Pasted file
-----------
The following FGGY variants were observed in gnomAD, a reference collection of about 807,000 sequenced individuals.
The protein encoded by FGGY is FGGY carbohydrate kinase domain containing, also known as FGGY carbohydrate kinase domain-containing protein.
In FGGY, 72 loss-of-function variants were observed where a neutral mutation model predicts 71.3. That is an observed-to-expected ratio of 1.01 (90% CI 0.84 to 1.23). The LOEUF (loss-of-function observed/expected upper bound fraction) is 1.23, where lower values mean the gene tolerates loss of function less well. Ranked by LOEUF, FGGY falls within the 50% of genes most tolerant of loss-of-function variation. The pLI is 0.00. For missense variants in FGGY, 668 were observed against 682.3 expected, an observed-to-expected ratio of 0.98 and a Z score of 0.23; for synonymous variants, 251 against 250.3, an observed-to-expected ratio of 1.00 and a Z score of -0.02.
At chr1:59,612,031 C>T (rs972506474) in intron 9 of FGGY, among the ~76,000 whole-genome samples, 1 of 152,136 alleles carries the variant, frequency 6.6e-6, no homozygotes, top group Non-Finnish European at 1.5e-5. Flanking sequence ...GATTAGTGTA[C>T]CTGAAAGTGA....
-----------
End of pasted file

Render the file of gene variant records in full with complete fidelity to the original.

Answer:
The following FGGY variants were observed in gnomAD, a reference collection of about 807,000 sequenced individuals.
The protein encoded by FGGY is FGGY carbohydrate kinase domain containing, also known as FGGY carbohydrate kinase domain-containing protein.
In FGGY, 72 loss-of-function variants were observed where a neutral mutation model predicts 71.3. That is an observed-to-expected ratio of 1.01 (90% CI 0.84 to 1.23). The LOEUF (loss-of-function observed/expected upper bound fraction) is 1.23, where lower values mean the gene tolerates loss of function less well. Ranked by LOEUF, FGGY falls within the 50% of genes most tolerant of loss-of-function variation. The pLI is 0.00. For missense variants in FGGY, 668 were observed against 682.3 expected, an observed-to-expected ratio of 0.98 and a Z score of 0.23; for synonymous variants, 251 against 250.3, an observed-to-expected ratio of 1.00 and a Z score of -0.02.
At chr1:59,612,031 C>T (rs972506474) in intron 9 of FGGY, among the ~76,000 whole-genome samples, 1 of 152,136 alleles carries the variant, frequency 6.6e-6, no homozygotes, top group Non-Finnish European at 1.5e-5. Flanking sequence ...GATTAGTGTA[C>T]CTGAAAGTGA....